Some ask me why I play Scottsdale Private Golf course so fast and it comes from growing up and trying to get in as many holes before dark as possible, not to mention when I listened to my Scottish friends, they say the faster you play the more time to socialize after the round as opposed to during it. I believe players are not prepared to play immediately when it is their turn, and if you waste 30 seconds per hole, over the course of a round that is 9 minutes. I was asked how others could play faster so I have enclosed an article I wrote for a magazine with some pointers in an effort to help Scottsdale Private Golf members. I hope they help and if you have any questions, please come in and contact us. The last thing you want is a reputation that you are holding up the field! Enjoy your Scottsdale Private Golf round, and remember these three P’s.”
There are four critical factors that discourage new golfers from enjoying the game and keep current Scottsdale Country Club golfers from playing more than they do: the Scottsdale Country Club game needs to be more accessible for all, more affordable, more fun in order to attract new Scottsdale Country Club golfers, while pleasing the current Scottsdale Country Club golf enthusiast, and finally, there is the issue of slow play which we are addressing here. We need to teach or retrain Scottsdale Country Club players to help the problem of slow play. Even though golf is said to be a social game, perhaps playing faster will allow for more quality social time at the end of the round instead of during it. First, take a minute to prepare for the round by making sure all you need is easily accessible from your bag, cart, or caddie.
• Head covers, if needed on the clubs to prevent scratches, should be situated in the top compartment so they can be reached easily. If you don’t need the covers, put them in the cart or inside the bag.
• Group your irons for grab-and-go play. Have the mindset that every time you put a club in the bag, you take 1 to 3 clubs out based on what you know of your next shot. On an approach shot, you can typically guess which one of the three clubs will do the job.
• It is not imperative to put your club in the bag after every shot. Get in the cart with the cub in your hand and go to your next shot.
• While your cart partner is hitting his next shot, walk or drive to your ball and prepare to hit.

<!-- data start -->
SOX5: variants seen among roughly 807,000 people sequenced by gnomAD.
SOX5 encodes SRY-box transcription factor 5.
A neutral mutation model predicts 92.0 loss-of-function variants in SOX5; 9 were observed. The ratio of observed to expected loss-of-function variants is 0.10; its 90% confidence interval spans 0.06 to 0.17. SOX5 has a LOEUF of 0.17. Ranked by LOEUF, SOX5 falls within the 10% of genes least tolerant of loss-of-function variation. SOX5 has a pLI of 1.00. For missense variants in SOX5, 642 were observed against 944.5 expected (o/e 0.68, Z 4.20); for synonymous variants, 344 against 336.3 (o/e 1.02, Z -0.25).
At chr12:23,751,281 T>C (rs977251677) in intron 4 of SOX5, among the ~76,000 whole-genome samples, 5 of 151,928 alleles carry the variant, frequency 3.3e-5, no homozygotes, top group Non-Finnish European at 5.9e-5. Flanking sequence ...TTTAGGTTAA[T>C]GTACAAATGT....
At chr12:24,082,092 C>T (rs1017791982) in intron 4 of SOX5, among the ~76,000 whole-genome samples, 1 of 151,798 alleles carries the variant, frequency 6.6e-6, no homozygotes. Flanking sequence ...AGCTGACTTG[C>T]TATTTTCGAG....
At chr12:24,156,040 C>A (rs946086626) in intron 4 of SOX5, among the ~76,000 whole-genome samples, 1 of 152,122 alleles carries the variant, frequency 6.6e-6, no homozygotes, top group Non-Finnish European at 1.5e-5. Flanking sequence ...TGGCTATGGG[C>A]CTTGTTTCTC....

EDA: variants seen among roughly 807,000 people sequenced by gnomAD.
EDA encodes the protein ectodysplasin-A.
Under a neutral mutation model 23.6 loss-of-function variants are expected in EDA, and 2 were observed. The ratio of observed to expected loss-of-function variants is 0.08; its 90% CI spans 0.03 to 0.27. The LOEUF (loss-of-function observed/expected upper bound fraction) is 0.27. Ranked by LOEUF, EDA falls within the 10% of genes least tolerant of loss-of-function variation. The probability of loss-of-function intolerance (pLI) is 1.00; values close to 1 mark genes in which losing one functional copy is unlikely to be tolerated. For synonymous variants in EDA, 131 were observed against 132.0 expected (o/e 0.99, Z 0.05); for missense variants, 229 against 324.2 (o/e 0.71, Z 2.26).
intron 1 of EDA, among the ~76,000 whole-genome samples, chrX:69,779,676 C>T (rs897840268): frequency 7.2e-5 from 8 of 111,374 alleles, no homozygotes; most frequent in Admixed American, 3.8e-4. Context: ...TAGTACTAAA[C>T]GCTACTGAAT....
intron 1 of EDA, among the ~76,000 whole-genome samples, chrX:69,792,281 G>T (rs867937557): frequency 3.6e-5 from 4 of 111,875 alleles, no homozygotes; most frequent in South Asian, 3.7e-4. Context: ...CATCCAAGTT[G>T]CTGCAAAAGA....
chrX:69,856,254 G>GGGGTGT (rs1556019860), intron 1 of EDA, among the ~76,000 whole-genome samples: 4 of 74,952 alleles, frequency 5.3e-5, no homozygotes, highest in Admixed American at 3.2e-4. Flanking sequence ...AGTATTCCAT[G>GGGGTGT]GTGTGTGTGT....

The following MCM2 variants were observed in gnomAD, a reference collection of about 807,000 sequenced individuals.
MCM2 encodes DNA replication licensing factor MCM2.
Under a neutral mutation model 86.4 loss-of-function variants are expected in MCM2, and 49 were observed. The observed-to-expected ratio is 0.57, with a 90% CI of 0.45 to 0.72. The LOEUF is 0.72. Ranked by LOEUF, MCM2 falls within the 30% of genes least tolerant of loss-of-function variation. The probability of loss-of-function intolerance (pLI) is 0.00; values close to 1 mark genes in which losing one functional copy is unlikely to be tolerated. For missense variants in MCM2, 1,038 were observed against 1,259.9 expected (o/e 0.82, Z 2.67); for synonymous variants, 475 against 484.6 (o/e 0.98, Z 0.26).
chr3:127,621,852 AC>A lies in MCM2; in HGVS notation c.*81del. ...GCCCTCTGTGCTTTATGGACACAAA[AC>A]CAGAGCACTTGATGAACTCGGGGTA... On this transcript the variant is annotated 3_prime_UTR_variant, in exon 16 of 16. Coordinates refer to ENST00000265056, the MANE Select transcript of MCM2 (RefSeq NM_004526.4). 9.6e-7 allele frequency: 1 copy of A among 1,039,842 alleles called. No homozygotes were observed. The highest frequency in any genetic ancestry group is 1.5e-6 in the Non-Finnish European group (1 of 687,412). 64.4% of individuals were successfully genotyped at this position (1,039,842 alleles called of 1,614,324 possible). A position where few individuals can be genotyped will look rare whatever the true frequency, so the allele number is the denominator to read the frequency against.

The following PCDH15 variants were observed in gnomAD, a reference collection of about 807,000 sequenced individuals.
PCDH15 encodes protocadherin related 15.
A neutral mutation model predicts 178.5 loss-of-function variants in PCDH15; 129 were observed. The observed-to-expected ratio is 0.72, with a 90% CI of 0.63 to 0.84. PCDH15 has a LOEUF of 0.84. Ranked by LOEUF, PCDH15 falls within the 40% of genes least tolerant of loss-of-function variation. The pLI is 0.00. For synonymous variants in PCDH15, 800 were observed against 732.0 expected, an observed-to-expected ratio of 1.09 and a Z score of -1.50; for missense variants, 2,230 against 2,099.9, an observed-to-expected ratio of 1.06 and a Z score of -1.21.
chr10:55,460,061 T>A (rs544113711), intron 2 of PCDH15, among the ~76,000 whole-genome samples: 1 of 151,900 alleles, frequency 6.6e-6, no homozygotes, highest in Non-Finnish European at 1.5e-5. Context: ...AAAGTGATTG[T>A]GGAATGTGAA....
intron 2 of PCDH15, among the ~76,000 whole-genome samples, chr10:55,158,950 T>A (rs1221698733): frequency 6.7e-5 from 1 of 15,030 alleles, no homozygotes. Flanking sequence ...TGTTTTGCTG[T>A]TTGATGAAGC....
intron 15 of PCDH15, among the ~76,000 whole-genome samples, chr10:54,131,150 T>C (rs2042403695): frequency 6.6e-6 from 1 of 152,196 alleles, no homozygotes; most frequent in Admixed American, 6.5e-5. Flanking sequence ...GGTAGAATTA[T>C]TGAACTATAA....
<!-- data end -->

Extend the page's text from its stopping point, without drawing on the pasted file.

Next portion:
• Certainly getting accurate yardages is important for all players, so be swift in looking for a yardage marker, a hole location sheet or using a yardage device.
• On the tees and full swing shots, play when you are ready and it is safe to play. Be alert and get in the game!
• If in a bunker, rake your way out to a low point where it is easier to exit rather than climbing out on a steep slope.
• When driving to the green it is typically best to park your cart behind the green or the nearest exit point. Never park in front of the green where you are walking back into play after you have finished putting ultimately holding up the group behind you.
• In a perfect world, continuous putting would be in place. You putt out when it is your turn regardless of how far away from the flagstick your ball lays. Line up your putt from behind your ball only – that is where you typically get your first and best read of the green. Circling the hole aimlessly should be discouraged.
• Once you have picked up your ball marker, take no more than 15 seconds to hit your putt. The first player to hold out tends to the flagstick as all remaining putts are holed. Faster play also means more space for additional golfers. More golfers mean more activity at the club and the potential for more revenue, more new friendships, and possible business connections.
Faster play means more family and friends time. It will give you more time after the round for quality socializing. I have yet to listen to a golfer say they played poorly because they were asked to play faster. I have heard players say they had no rhythm, timing or flow to their round as they were continually waiting to hit their next shot. So, where does it start and who are the culprits for slow play? The first groups of the day set the pace and should be reminded of this. As they set the pace so follows the groups behind them. The old adage still holds true, it’s “keep up with the group in front of you,” not “stay in front of the group behind you.”
Each course should be timed by hole so players know where they should be relative to the time they started. Slow play is gradually eating away at everyone’s enjoyment of the game, and in turn, golfers find alternate things to do with their time. It is the game for a lifetime, but it shouldn’t take you a lifetime to finish a round. I was first introduced to golf as a caddie when we had a chance to play at the end of the ay, and our goal was to get in as many Scottsdale Country Club holes as we could before dark. As a foursome we could easily get in 18 holes in three hours walking and carrying our clubs. We need to get back to these times and take responsibility for our pace of play so every player at all levels can continue to enjoy this game for years to come. Of all the issues affecting our game, slow play is perhaps the easiest for all golfers to fix.